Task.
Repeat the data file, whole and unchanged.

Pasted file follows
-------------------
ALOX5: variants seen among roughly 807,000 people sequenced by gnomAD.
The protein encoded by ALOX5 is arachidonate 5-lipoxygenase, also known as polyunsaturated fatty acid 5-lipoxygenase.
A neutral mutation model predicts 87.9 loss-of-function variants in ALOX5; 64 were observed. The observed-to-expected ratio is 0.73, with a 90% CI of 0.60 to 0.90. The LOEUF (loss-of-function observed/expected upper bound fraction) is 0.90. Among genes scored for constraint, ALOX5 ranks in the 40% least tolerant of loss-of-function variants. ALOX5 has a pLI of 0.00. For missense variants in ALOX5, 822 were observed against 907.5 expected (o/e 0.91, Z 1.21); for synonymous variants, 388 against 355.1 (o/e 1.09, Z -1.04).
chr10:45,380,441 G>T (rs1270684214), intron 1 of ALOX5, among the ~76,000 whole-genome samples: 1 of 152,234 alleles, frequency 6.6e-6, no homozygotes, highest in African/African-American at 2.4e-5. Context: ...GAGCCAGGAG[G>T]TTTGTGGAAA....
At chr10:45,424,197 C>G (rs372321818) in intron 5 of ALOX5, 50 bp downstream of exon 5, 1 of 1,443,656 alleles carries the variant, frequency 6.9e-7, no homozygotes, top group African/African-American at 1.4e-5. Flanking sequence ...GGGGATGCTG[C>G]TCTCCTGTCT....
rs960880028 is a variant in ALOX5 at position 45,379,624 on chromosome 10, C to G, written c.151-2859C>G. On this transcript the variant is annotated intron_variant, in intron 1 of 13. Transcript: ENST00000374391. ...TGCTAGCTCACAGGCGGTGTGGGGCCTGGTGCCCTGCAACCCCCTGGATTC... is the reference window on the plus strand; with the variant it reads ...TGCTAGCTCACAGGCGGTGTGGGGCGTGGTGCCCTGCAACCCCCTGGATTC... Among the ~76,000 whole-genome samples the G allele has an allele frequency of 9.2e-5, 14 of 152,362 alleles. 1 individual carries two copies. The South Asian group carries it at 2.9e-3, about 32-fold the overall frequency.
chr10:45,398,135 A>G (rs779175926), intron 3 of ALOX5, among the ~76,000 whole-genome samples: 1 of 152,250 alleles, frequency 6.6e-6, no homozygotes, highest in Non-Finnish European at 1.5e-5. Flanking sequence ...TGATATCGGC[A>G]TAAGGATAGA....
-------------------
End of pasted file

ALOX5: variants seen among roughly 807,000 people sequenced by gnomAD.
The protein encoded by ALOX5 is arachidonate 5-lipoxygenase, also known as polyunsaturated fatty acid 5-lipoxygenase.
A neutral mutation model predicts 87.9 loss-of-function variants in ALOX5; 64 were observed. The observed-to-expected ratio is 0.73, with a 90% CI of 0.60 to 0.90. The LOEUF (loss-of-function observed/expected upper bound fraction) is 0.90. Among genes scored for constraint, ALOX5 ranks in the 40% least tolerant of loss-of-function variants. ALOX5 has a pLI of 0.00. For missense variants in ALOX5, 822 were observed against 907.5 expected (o/e 0.91, Z 1.21); for synonymous variants, 388 against 355.1 (o/e 1.09, Z -1.04).
chr10:45,380,441 G>T (rs1270684214), intron 1 of ALOX5, among the ~76,000 whole-genome samples: 1 of 152,234 alleles, frequency 6.6e-6, no homozygotes, highest in African/African-American at 2.4e-5. Context: ...GAGCCAGGAG[G>T]TTTGTGGAAA....
At chr10:45,424,197 C>G (rs372321818) in intron 5 of ALOX5, 50 bp downstream of exon 5, 1 of 1,443,656 alleles carries the variant, frequency 6.9e-7, no homozygotes, top group African/African-American at 1.4e-5. Flanking sequence ...GGGGATGCTG[C>G]TCTCCTGTCT....
rs960880028 is a variant in ALOX5 at position 45,379,624 on chromosome 10, C to G, written c.151-2859C>G. On this transcript the variant is annotated intron_variant, in intron 1 of 13. Transcript: ENST00000374391. ...TGCTAGCTCACAGGCGGTGTGGGGCCTGGTGCCCTGCAACCCCCTGGATTC... is the reference window on the plus strand; with the variant it reads ...TGCTAGCTCACAGGCGGTGTGGGGCGTGGTGCCCTGCAACCCCCTGGATTC... Among the ~76,000 whole-genome samples the G allele has an allele frequency of 9.2e-5, 14 of 152,362 alleles. 1 individual carries two copies. The South Asian group carries it at 2.9e-3, about 32-fold the overall frequency.
chr10:45,398,135 A>G (rs779175926), intron 3 of ALOX5, among the ~76,000 whole-genome samples: 1 of 152,250 alleles, frequency 6.6e-6, no homozygotes, highest in Non-Finnish European at 1.5e-5. Flanking sequence ...TGATATCGGC[A>G]TAAGGATAGA....